- I am the author of CVS, the most popular source code control tool used by the Open Source community [[ when I first wrote this entry in 2006 ]].
- CVS is the backbone of Sourceforge.net and has been home to over 100,000 Open Source projects, has more than 1 million registered Open Source developers, and serves up more than 19 million unique visitors each month
- CVS is referenced in 172 books according to a Google Book Search for "Concurrent Versions System".
- CVS was honored when it won the 2003 USENIX STUG Award. Other winners of this prestigious award have included Python, BitTorrent, Apache, SSH, Tcl/Tk, Perl, and GCC, putting CVS in very good company.
- I wrote CVS in roughly 2 weeks back in 1989, then nursed it through a number of enhancement releases for the following few years. The Open Source community and some key contributions (like the client-server support) were pivotal in making CVS a useful tool for the masses (and, the price was always right).
- I presented the CVS II: Parallelizing Software Development paper at the 1990 Winter USENIX Conference in Washington, DC.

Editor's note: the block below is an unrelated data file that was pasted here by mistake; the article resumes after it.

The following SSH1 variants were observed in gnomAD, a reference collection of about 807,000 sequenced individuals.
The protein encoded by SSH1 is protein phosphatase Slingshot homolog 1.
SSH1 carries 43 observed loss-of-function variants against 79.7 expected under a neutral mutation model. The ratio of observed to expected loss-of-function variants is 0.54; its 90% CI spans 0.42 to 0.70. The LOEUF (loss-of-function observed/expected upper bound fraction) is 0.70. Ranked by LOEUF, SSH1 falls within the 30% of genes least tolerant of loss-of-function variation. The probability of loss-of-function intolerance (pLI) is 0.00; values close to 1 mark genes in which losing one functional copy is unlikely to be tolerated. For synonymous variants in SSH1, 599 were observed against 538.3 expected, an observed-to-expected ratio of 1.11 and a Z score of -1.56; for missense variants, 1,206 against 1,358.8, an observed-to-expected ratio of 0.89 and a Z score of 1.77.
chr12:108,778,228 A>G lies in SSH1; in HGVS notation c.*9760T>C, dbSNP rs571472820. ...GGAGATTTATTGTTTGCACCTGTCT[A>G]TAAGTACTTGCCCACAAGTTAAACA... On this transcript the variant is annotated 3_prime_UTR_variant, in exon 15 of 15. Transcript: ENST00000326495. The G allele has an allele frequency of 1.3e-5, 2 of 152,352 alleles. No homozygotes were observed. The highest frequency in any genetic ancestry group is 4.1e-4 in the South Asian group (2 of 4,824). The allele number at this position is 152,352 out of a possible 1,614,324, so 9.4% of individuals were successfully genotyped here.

- CVS was the model for Subversion, which sought to overcome some of the limitation in CVS. Subversion was, in fact, created by the maintainers of CVS. I am a current user of Subversion and quite pleased with how they have taken CVS to the next level.
Some useful links for the Concurrent Versions System (CVS):
Some Books about CVS (search Google Books for many more):
- Pragmatic Version Control: With CVS, September 2003.
- CVS Pocket Reference, September 2003.
- Open Source Development with CVS, August 2003.
- Professional Java Tools: Real World Ant, JUnit, CVS, Cactus, Bugzilla, Maven, Jmeter, and Xdoctet, August 2003.
- Essential CVS, June 2003.
- Version Management with CVS, December 2002.
- Professional Linux Programming, Chapter 2, September 2000.
I hope you have found CVS useful in your career and has helped you develop great products.